(For myself, I would like to consider baptism as part of ordination because one truly takes on a new life in Christ’s mission.)
When we, as people, witness this transformation, we can also affirm and connect to our understanding of that Spirit. Ultimately, baptism is a powerful and meaningful experience because baptism is about how Jesus is revealed within us. That is a revelation of Epiphany because the holy spirit calls our hearts through this covenant of faith.
To illustrate this, let me describe a couple baptisms that I witnessed and served at Plymouth.
(I should note that we do public baptisms in front of the whole congregation during worship, and the congregation is invited to renew their baptismal covenant as well).
This one gentleman decided to join Plymouth after many great experiences and to be baptized. He proceeds to the front of the church for the baptism. As he received baptismal waters, he just opened up like a flower, and it felt like ray of sunlight suddenly shown upon him. He was glowing with tears of absolute joy, and that joy flowed from him. There was a scarce dry eye that day in the whole congregation. This was truly a memorable experience and may illustrate what one might describe as a “conversion of the heart.”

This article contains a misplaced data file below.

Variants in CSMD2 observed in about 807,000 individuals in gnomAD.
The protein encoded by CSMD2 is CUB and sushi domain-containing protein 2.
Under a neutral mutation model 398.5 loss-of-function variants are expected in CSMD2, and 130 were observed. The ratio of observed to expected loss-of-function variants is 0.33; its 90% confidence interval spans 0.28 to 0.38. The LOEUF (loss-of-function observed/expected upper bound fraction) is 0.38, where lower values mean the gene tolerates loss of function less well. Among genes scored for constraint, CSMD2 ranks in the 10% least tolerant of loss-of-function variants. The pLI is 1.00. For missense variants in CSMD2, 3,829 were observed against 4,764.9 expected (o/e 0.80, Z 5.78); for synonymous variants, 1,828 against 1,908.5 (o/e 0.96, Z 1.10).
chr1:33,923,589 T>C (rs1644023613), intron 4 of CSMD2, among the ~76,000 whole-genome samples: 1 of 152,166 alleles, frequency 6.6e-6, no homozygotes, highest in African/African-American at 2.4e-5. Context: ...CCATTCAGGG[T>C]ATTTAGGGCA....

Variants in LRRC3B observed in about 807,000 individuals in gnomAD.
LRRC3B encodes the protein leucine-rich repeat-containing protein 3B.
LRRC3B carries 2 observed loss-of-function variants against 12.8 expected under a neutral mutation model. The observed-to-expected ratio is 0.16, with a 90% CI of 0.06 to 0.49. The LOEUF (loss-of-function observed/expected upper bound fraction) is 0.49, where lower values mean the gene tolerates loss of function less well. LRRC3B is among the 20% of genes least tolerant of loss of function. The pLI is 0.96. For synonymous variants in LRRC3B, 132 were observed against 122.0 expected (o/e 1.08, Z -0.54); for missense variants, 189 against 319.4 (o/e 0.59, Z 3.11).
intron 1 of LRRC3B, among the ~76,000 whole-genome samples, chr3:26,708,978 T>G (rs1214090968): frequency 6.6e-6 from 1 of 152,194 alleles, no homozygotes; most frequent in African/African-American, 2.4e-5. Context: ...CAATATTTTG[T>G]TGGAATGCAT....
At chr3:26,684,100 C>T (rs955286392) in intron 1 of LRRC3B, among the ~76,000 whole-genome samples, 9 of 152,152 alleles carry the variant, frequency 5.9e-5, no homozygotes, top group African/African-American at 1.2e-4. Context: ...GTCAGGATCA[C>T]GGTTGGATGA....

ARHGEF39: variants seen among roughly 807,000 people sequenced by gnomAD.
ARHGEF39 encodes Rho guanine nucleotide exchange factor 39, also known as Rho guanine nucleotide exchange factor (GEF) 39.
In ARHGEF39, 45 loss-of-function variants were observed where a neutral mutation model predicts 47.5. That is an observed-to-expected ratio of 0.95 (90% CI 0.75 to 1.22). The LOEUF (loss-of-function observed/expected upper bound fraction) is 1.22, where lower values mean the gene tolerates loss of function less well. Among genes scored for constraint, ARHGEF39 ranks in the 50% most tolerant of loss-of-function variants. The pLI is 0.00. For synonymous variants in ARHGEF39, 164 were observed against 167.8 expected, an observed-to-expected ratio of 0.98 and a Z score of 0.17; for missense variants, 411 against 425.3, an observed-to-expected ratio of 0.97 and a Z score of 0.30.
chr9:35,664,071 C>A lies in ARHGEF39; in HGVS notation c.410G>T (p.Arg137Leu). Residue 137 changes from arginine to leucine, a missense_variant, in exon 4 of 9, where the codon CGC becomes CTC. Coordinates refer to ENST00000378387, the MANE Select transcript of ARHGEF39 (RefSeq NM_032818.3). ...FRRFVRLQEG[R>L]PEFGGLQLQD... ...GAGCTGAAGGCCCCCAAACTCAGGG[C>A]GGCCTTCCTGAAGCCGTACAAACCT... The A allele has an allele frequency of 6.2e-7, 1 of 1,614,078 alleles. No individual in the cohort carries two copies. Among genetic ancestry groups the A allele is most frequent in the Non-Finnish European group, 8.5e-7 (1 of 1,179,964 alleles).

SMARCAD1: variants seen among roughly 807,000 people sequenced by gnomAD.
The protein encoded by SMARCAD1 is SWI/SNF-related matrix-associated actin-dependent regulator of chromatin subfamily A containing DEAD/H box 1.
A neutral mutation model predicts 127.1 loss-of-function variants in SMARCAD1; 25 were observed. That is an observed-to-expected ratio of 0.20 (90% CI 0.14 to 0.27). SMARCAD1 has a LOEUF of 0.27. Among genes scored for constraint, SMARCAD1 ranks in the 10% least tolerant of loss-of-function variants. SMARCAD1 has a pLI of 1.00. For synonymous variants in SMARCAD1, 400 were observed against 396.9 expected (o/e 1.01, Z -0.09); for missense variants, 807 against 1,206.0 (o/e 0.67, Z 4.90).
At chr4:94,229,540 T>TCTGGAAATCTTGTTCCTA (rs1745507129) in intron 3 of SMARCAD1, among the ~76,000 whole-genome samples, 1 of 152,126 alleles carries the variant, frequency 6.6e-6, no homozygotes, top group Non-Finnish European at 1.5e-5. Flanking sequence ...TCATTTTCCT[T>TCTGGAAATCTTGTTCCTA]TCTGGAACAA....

In another experience, I participated in a baptism of an infant child that was obviously not sure what was happening. When Pastor started blessing with water, the young boy was startled by the water, suddenly looked up, and had giant smile. Of all us, our hearts just melted. Yes, baptism can be moving, and our smiles can be powerful and moving as well.
These happened because in baptism, there is something happening, perhaps a “conversion of the heart” or just warm smile of acceptance. When we let God connect, when we set aside judgment and when we set aside expectations, we might hear our call to do good today and be compelled to tears or a simple smile.
Further, Acts (8:14-17) reminds us that the Spirit is an active agent in baptism. That Spirit bridges the many divides around us to call us into one community with God. Then, with prayer -- answering the call, you can let God’s love fill you, and maybe, you can witness that light upon you too!
What does baptism mean to you?
I would suggest to affirm your baptismal call, listen for God speaking to you, and follow the light upon you – a child of God – for whom God is well pleased!
Hear God calling you to service in your community. That service can be your beautiful smile and tears that you share with the people in this very room. Thus, just as Jesus was called by God in baptism, we continue that call through our own baptism and affirm that call with our faithful service, charity, grace and love.
These are moments we can connect to the holy and live into your call to Christian vocation from your baptism.
Thanks be to God!